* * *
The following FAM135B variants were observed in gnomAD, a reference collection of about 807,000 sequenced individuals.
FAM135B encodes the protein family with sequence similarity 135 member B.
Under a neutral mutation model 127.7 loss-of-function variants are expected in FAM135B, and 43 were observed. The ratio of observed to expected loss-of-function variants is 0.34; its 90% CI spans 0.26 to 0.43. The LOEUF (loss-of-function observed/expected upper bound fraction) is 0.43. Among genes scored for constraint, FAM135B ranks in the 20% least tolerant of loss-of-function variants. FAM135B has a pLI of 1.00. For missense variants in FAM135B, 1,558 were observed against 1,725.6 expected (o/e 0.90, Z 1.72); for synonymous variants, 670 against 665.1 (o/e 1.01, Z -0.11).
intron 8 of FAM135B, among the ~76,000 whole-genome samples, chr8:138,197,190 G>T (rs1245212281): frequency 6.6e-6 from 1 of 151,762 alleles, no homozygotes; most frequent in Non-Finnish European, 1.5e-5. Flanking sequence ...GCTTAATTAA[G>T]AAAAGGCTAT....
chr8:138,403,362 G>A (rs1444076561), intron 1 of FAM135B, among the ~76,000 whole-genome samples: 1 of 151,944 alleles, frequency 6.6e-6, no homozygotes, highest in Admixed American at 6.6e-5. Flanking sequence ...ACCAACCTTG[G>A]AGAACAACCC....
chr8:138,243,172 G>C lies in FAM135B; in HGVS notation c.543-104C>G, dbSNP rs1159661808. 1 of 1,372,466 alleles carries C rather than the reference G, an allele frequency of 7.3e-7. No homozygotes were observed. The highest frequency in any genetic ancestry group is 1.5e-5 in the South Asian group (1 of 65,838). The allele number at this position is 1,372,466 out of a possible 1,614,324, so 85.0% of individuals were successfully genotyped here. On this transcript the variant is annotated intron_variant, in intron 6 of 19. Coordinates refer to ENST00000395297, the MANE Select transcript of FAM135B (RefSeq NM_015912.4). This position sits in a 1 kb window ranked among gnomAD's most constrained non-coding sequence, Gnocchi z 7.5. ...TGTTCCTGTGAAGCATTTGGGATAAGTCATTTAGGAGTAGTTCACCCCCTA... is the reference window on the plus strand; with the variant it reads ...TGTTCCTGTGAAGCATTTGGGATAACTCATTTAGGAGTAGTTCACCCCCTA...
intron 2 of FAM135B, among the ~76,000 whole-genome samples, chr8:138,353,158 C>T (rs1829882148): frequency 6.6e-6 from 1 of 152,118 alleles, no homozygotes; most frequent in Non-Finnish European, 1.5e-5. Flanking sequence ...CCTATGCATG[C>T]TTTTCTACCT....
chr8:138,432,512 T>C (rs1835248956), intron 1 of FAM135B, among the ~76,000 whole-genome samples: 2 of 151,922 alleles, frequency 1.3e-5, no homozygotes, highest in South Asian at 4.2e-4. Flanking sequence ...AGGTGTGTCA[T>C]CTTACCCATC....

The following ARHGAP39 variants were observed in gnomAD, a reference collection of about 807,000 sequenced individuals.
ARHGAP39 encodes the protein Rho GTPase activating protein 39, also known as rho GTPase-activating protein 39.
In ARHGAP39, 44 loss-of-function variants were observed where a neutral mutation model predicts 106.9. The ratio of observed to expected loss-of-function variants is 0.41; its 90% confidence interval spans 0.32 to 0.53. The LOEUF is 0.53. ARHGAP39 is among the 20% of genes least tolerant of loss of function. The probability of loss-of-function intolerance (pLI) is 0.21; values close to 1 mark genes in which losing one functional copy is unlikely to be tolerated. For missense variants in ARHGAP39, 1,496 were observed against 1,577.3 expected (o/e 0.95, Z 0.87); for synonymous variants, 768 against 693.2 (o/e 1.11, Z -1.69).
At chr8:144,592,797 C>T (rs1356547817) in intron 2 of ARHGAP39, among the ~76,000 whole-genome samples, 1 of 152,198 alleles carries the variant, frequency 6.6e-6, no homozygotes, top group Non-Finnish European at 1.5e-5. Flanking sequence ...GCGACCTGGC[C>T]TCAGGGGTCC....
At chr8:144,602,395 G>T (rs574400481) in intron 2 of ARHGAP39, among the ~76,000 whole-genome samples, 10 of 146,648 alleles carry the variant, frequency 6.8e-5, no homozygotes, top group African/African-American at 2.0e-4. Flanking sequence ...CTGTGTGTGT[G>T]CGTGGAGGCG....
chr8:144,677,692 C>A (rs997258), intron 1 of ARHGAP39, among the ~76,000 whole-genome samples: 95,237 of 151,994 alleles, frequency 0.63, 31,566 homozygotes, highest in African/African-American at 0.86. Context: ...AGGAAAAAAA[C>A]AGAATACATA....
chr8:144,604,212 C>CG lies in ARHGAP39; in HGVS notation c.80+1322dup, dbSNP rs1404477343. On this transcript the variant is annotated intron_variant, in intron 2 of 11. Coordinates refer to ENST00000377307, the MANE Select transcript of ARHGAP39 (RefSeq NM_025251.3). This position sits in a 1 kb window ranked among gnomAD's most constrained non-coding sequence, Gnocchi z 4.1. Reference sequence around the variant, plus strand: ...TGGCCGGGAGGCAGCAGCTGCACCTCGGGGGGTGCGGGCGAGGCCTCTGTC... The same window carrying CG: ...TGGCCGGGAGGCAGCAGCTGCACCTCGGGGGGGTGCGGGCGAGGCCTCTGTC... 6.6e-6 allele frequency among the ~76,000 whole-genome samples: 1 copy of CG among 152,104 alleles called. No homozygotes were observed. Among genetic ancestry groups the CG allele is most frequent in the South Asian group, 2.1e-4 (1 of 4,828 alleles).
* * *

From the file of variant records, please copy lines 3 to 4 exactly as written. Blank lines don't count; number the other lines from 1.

Under a neutral mutation model 127.7 loss-of-function variants are expected in FAM135B, and 43 were observed. The ratio of observed to expected loss-of-function variants is 0.34; its 90% CI spans 0.26 to 0.43. The LOEUF (loss-of-function observed/expected upper bound fraction) is 0.43. Among genes scored for constraint, FAM135B ranks in the 20% least tolerant of loss-of-function variants. FAM135B has a pLI of 1.00. For missense variants in FAM135B, 1,558 were observed against 1,725.6 expected (o/e 0.90, Z 1.72); for synonymous variants, 670 against 665.1 (o/e 1.01, Z -0.11).
intron 8 of FAM135B, among the ~76,000 whole-genome samples, chr8:138,197,190 G>T (rs1245212281): frequency 6.6e-6 from 1 of 151,762 alleles, no homozygotes; most frequent in Non-Finnish European, 1.5e-5. Flanking sequence ...GCTTAATTAA[G>T]AAAAGGCTAT....